“Right now, we’re focusing on education because we can see the impact our product is having in the classroom, as well as the opportunities we still need to win,” says Thoms. “We continue growing in other industries, with Fortune 500 companies and big corporations buying our product. But with our current resources, we can only do so much at this stage.”
IT’S ABOUT RESPECT
Is there another key to Kami’s winning dynamic relationship, spread as the co-founders are across New Zealand and the US? Samson, who is also a graduate of De La Salle University in Manila, believes respect is at the heart of it.
“Respect is very important. Everyone in the team has the same goal and believes in our mission. We are quite proud to have a very diverse team (race, sex, age, location), which contributes a lot to the output we produce.
“We believe we have a great founder relationship and friendship. We always support and respect each other. That has been important, especially during the most challenging days. The founders and even our board have a great balance, which has been a big help in problemsolving and decision-making.”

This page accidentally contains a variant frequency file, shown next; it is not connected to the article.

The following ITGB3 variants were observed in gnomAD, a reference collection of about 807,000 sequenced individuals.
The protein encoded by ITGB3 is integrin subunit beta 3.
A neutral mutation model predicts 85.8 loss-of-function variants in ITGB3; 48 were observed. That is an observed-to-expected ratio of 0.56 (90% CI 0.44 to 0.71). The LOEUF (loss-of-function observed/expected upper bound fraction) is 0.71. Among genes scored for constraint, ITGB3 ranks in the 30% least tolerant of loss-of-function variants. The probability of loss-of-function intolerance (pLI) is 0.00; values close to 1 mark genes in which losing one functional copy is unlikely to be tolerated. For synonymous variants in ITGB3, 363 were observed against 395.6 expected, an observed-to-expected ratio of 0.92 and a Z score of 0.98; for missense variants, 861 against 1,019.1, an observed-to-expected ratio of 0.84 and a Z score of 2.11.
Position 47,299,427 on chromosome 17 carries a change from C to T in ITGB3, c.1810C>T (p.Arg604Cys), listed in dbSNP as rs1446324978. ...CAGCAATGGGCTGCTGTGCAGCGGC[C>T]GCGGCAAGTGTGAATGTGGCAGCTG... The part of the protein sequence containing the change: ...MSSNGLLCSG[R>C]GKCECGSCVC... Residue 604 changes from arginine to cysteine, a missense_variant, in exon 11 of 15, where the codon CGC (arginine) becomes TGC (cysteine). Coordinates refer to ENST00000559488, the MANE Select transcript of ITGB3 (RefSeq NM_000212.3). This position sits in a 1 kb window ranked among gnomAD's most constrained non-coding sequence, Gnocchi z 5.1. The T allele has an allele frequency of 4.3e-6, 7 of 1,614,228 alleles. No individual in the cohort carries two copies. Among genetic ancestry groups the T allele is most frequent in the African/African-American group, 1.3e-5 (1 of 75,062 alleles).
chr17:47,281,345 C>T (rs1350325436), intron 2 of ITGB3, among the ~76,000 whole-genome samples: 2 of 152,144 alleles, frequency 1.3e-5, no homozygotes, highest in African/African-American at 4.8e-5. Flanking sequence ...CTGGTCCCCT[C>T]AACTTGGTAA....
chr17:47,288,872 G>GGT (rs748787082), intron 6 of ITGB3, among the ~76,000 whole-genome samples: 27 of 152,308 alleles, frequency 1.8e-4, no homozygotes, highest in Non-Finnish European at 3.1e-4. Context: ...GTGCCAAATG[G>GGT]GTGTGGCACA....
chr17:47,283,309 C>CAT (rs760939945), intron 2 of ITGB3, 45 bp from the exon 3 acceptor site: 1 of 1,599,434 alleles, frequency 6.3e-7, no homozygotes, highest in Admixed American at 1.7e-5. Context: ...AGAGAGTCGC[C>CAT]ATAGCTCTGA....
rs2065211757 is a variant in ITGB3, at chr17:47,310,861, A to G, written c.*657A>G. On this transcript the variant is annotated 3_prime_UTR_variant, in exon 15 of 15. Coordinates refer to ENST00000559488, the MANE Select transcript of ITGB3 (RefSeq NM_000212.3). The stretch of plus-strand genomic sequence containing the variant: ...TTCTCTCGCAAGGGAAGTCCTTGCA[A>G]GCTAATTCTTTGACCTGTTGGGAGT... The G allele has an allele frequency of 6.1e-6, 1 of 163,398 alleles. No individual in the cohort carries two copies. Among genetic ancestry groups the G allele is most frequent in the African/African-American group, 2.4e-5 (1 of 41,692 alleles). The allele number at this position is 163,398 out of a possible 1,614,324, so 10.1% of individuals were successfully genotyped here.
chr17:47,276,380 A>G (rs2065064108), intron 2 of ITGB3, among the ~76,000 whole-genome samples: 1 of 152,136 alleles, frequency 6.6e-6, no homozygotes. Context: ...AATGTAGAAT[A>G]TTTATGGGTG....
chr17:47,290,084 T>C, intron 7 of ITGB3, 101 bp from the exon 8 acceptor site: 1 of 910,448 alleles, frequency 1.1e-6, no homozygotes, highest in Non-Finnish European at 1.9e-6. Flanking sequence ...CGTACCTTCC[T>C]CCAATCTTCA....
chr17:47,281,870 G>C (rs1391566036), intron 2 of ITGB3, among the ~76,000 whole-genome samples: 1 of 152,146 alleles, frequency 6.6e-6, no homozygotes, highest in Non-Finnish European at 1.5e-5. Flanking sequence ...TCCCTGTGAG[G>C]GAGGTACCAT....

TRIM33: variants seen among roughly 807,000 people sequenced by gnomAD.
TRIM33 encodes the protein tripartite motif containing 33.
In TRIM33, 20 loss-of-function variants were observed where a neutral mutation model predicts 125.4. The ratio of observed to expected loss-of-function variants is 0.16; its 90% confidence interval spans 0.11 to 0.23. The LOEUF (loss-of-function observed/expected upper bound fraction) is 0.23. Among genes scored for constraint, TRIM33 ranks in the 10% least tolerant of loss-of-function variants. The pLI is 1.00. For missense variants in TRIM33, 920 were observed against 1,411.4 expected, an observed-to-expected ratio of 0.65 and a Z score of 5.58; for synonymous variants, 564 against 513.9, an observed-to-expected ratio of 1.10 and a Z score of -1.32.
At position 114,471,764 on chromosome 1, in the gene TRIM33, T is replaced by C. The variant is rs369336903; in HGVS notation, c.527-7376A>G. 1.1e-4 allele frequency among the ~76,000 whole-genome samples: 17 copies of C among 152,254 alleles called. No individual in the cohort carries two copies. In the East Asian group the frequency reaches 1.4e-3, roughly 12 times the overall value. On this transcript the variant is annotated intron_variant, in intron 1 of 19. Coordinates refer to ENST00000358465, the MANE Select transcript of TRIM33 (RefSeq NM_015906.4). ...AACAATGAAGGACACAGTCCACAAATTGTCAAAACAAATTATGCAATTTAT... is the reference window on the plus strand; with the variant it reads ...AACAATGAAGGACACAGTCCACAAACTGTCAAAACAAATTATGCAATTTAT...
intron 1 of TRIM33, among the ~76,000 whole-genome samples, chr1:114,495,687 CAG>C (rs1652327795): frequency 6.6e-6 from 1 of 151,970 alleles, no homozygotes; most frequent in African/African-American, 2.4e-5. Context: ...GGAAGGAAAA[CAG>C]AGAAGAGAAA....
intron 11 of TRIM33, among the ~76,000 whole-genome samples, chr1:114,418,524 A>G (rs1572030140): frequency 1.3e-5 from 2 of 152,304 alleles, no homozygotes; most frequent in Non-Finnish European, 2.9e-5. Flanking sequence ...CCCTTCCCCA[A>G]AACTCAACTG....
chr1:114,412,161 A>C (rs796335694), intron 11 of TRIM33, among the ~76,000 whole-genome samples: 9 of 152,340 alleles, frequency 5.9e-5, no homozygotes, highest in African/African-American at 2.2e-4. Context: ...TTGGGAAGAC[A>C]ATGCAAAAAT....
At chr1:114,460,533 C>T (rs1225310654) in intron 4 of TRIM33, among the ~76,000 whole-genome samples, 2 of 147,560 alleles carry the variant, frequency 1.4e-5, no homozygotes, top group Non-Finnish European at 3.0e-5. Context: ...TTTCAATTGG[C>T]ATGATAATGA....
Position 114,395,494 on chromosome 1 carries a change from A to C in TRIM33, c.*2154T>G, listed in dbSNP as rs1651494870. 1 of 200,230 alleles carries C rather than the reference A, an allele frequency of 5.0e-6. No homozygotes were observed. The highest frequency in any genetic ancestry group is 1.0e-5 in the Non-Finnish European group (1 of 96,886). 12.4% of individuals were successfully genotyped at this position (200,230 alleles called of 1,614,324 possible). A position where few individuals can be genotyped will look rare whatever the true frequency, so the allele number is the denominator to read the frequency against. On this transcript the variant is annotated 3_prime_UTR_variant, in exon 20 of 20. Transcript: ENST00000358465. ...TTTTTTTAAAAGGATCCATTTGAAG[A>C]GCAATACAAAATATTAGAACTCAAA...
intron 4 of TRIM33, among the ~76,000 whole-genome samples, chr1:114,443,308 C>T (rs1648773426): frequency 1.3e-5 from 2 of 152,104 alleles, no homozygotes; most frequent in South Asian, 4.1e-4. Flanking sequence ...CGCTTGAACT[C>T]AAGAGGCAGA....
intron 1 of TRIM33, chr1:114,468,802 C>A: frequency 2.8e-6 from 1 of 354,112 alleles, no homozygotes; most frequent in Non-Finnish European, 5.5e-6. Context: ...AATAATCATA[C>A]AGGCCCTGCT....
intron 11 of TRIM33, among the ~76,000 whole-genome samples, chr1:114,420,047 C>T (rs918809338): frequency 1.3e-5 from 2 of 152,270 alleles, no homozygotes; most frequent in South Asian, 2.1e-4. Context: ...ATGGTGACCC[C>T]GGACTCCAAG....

Samson believes New Zealand is missing a trick when it comes to technology in schools.
“When we tried to grow locally during our first year, we encountered a lot of bureaucracy or inconsistency in the software implementation and buying process in schools and universities. Five years on, I still think it’s the same.
“What’s needed is better tech integration in schools. Some have it, but most do not. The American structure and system are not perfect but cater to fast adoption and implementation. For example, there’re still a lot of schools here where students are required to bring their own device, with no guidelines or suggestion as to which they should bring. Consequently, you have classrooms with varying devices – smartphones, MacBooks, Chromebooks, iPads, tablets, etcetera – which makes it more difficult to manage and implement uniform apps, and the tools they need.
“In the US, they have more consistency. They’re moving more towards 1:1 Chromebooks or other devices which make it easier for the tech integrators to support, repair, and train the teachers on what other software they’ll need.”
Meanwhile, the goal is all about growing Kami. “We almost double our user-growth every year, so we want to challenge ourselves to increase that figure this year,” says Wang.
HENGJIE, ALLIV AND JORDAN.